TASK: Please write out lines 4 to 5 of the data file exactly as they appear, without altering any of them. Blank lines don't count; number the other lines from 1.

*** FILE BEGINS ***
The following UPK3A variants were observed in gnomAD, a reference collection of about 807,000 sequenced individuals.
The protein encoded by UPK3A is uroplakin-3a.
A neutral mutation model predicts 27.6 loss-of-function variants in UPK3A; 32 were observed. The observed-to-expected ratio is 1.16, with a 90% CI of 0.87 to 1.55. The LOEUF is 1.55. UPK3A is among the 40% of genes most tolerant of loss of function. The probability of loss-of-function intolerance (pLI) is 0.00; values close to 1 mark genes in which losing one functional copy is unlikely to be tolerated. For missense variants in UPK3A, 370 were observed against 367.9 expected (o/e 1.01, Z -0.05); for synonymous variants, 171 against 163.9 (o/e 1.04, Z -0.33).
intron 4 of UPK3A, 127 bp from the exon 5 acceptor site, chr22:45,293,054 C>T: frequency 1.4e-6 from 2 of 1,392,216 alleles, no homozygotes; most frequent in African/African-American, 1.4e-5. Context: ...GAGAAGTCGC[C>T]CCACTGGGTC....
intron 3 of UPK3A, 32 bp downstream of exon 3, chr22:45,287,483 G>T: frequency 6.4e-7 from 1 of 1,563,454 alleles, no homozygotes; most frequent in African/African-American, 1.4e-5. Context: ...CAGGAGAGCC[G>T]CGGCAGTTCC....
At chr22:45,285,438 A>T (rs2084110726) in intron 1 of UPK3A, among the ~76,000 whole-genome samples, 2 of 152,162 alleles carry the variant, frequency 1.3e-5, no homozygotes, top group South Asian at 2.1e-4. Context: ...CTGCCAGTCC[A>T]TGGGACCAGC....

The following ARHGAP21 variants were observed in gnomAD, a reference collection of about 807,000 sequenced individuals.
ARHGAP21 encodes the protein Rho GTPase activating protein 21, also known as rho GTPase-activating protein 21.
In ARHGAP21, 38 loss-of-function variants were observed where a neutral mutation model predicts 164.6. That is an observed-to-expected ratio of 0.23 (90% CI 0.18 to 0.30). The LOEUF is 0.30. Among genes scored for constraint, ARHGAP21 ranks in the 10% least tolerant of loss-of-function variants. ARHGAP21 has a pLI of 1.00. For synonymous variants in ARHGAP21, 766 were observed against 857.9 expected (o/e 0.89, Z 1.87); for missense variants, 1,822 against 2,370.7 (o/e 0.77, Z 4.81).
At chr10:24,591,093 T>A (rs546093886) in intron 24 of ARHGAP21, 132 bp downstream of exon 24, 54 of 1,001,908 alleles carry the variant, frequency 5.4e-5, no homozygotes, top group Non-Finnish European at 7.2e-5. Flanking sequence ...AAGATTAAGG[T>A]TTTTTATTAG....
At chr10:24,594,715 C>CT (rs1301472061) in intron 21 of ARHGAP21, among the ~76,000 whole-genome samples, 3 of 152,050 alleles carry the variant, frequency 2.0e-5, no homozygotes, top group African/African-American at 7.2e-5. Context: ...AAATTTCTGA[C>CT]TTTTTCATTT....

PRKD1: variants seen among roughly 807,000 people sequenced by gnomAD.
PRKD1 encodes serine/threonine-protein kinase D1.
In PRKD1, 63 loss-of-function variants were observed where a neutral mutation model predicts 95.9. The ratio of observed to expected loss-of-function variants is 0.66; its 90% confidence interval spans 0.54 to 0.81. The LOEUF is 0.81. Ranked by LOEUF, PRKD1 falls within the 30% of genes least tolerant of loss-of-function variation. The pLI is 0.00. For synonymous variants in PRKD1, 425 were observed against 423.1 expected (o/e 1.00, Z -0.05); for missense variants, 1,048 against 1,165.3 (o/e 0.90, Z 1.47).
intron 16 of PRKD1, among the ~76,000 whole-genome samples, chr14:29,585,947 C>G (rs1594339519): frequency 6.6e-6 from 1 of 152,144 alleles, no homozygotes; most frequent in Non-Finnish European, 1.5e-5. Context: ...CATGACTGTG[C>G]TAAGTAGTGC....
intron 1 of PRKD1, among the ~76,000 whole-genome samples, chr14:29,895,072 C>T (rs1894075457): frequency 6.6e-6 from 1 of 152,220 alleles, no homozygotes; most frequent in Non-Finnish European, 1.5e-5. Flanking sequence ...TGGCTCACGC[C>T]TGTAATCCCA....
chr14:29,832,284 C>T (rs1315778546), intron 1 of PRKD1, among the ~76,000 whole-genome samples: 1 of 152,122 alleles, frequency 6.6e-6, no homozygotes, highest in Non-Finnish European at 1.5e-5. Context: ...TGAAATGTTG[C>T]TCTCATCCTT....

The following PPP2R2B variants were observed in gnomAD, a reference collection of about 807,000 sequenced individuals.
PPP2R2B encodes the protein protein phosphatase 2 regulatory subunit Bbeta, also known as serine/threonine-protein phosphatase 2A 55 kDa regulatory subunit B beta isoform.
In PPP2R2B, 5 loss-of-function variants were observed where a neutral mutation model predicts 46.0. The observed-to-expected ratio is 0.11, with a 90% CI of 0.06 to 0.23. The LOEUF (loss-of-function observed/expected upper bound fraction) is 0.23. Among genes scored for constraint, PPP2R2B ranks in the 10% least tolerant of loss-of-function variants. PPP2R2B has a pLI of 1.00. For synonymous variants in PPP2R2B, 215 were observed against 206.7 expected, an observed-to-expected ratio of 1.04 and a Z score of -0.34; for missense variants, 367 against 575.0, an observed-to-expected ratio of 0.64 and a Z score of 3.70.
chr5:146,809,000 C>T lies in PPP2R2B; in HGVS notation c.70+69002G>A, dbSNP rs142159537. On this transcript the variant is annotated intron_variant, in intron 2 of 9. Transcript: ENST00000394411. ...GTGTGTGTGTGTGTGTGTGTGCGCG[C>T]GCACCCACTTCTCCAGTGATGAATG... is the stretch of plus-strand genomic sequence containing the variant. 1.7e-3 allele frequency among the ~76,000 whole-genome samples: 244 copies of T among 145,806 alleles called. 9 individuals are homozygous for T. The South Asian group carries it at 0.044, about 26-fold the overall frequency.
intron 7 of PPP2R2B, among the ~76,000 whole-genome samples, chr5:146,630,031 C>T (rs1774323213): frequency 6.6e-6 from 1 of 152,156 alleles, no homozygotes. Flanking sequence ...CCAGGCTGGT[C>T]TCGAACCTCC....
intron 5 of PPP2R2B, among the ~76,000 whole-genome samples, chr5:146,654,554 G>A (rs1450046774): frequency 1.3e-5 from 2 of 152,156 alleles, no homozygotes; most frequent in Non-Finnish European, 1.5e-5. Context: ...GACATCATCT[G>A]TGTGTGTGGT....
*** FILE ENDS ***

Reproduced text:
intron 4 of UPK3A, 127 bp from the exon 5 acceptor site, chr22:45,293,054 C>T: frequency 1.4e-6 from 2 of 1,392,216 alleles, no homozygotes; most frequent in African/African-American, 1.4e-5. Context: ...GAGAAGTCGC[C>T]CCACTGGGTC....
intron 3 of UPK3A, 32 bp downstream of exon 3, chr22:45,287,483 G>T: frequency 6.4e-7 from 1 of 1,563,454 alleles, no homozygotes; most frequent in African/African-American, 1.4e-5. Context: ...CAGGAGAGCC[G>T]CGGCAGTTCC....